Review of metformin and glyburide in the management of gestational diabetes

  • Dana G. Carroll
  • Kristi W. Kelley
Keywords: Diabetes, Gestational, Glyburide, Metformin, Insulin, Comparative Effectiveness Research, Patient Safety, Pregnancy

Abstract

Background: Worldwide, gestational diabetes affects 15% of pregnancies. It is recommended in patients with gestational diabetes to initiate diet therapy and if this is not adequate, insulin is the next treatment modality. While insulin is the preferred drug therapy to manage gestational diabetes in the majority of women, it may not always be the best option for all women.

Objective: The purpose of this review is to assess the efficacy and safety of oral agents for treatment of gestational diabetes.

Methods: A literature search of the MEDLINE, Ovid databases and Google Scholar was performed using the search term “gestational diabetes” combined with each “metformin” and “glyburide”. The time frame for the search was inception through August 2014. Randomized controlled trials and cohort (both prospective and retrospective) trials, published in English, with human participants were included. Studies included only pregnant women diagnosed with gestational diabetes.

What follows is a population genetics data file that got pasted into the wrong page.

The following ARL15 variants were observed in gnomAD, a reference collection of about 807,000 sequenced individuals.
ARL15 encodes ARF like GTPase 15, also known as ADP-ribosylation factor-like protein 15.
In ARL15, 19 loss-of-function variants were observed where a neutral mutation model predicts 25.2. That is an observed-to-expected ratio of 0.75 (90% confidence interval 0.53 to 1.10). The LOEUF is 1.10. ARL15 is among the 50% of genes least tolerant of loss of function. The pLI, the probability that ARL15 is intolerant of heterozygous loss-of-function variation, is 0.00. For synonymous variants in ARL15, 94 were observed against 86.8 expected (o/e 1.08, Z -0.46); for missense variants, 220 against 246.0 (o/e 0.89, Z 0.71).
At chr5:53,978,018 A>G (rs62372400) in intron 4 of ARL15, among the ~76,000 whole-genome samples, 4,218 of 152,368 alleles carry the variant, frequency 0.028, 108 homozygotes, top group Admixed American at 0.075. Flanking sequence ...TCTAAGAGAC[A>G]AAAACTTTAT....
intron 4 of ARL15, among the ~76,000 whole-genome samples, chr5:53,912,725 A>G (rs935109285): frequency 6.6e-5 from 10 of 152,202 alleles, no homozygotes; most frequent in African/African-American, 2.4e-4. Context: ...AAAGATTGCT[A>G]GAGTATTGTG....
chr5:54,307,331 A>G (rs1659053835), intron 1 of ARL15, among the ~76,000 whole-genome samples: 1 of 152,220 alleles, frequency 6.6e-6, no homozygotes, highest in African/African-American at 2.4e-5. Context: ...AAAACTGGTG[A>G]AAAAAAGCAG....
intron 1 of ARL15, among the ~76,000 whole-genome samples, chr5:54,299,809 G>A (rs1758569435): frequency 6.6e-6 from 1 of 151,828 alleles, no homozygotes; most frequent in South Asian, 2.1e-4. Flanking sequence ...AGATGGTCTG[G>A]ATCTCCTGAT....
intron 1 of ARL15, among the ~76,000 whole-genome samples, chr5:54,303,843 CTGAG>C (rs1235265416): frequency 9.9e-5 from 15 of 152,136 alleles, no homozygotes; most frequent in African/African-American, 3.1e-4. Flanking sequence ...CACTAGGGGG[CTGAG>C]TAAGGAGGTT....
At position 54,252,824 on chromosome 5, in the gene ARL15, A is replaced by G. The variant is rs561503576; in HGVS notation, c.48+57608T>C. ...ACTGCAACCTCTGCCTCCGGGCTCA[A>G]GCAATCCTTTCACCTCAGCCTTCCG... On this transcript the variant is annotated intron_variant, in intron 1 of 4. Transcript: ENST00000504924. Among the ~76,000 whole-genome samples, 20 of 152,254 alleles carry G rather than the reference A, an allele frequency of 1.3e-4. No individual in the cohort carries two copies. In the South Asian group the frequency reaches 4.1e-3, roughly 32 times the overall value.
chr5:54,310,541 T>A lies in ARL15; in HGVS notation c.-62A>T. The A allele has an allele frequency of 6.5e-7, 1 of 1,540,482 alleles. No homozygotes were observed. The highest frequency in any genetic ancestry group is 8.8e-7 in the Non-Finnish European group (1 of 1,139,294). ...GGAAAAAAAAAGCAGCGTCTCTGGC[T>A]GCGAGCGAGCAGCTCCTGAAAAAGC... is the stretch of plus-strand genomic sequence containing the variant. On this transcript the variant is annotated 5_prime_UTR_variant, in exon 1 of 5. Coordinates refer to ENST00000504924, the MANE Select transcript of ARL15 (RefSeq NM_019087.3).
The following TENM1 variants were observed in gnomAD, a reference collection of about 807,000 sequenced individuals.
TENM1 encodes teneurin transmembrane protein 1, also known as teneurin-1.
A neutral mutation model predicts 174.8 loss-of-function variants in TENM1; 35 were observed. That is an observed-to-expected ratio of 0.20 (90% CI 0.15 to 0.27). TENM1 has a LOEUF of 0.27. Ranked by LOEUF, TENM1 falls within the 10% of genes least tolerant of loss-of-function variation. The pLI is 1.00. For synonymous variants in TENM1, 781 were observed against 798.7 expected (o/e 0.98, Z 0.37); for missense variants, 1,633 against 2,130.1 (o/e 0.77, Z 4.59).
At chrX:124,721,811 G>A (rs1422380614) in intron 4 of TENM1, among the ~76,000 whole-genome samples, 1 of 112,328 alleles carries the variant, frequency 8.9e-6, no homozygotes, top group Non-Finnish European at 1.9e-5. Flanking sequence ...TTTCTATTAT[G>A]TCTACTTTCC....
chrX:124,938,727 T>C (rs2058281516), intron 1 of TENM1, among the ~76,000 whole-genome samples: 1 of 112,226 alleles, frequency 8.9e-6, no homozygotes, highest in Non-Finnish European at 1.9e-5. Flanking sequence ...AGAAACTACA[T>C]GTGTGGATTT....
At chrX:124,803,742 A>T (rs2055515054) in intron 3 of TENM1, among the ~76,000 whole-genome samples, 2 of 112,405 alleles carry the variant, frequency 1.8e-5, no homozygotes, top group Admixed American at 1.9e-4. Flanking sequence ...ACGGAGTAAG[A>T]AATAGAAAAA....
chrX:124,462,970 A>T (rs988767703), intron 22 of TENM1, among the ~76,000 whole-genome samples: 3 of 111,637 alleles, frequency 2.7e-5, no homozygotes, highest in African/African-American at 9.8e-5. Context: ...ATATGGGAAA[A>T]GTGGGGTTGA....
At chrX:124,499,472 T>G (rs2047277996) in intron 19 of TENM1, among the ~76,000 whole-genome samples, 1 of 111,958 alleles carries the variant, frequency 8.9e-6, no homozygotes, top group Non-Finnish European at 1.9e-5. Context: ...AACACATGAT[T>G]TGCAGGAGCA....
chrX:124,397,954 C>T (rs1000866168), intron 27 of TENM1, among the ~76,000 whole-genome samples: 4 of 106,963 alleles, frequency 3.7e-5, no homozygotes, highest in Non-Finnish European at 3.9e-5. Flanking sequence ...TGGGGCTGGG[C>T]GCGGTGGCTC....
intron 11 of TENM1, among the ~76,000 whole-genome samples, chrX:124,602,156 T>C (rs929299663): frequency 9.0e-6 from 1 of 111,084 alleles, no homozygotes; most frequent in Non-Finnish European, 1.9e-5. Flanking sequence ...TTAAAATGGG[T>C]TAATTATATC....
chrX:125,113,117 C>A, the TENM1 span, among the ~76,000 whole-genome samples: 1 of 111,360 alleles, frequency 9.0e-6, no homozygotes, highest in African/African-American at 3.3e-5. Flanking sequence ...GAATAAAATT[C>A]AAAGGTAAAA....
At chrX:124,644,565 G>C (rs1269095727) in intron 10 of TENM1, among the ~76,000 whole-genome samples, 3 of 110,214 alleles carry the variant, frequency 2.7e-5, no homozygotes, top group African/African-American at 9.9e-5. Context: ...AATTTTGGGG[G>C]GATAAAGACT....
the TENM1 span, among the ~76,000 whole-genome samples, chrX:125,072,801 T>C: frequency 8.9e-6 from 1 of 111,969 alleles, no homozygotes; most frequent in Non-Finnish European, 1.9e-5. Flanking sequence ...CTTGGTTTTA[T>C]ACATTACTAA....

Results: There were no significant differences in preterm deliveries, delivery modes, macrosomia, and birth weights and large for gestational age when utilizing glyburide vs insulin for gestational diabetes management. There were significantly higher neonatal intensive care unit admissions as well as longer lengths of stay for hypoglycemia and respiratory distress in babies whose mothers were treated with glyburide versus insulin. For the studies comparing metformin to insulin, there are no significant differences reported for birth weight, gestational age, delivery mode, prematurity and perinatal deaths. Women taking metformin may require supplemental insulin more frequently than those taking glyburide.

Conclusion: Glyburide and metformin appear to be safe and effective to manage blood glucose in patients with gestational diabetes who prefer to not utilize insulin or who cannot afford insulin therapy. All other oral therapies to manage blood glucose levels during gestational diabetes should be reserved until additional evidence is available regarding safety and efficacy to both mother and fetus.


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Author Biographies

Dana G. Carroll

Pharmacy Practice

Associate Clinical Professor

Auburn University

Kristi W. Kelley

Pharmacy Practice

Associate Clinical Professor

Auburn University

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Published
2014-12-09
Section
Review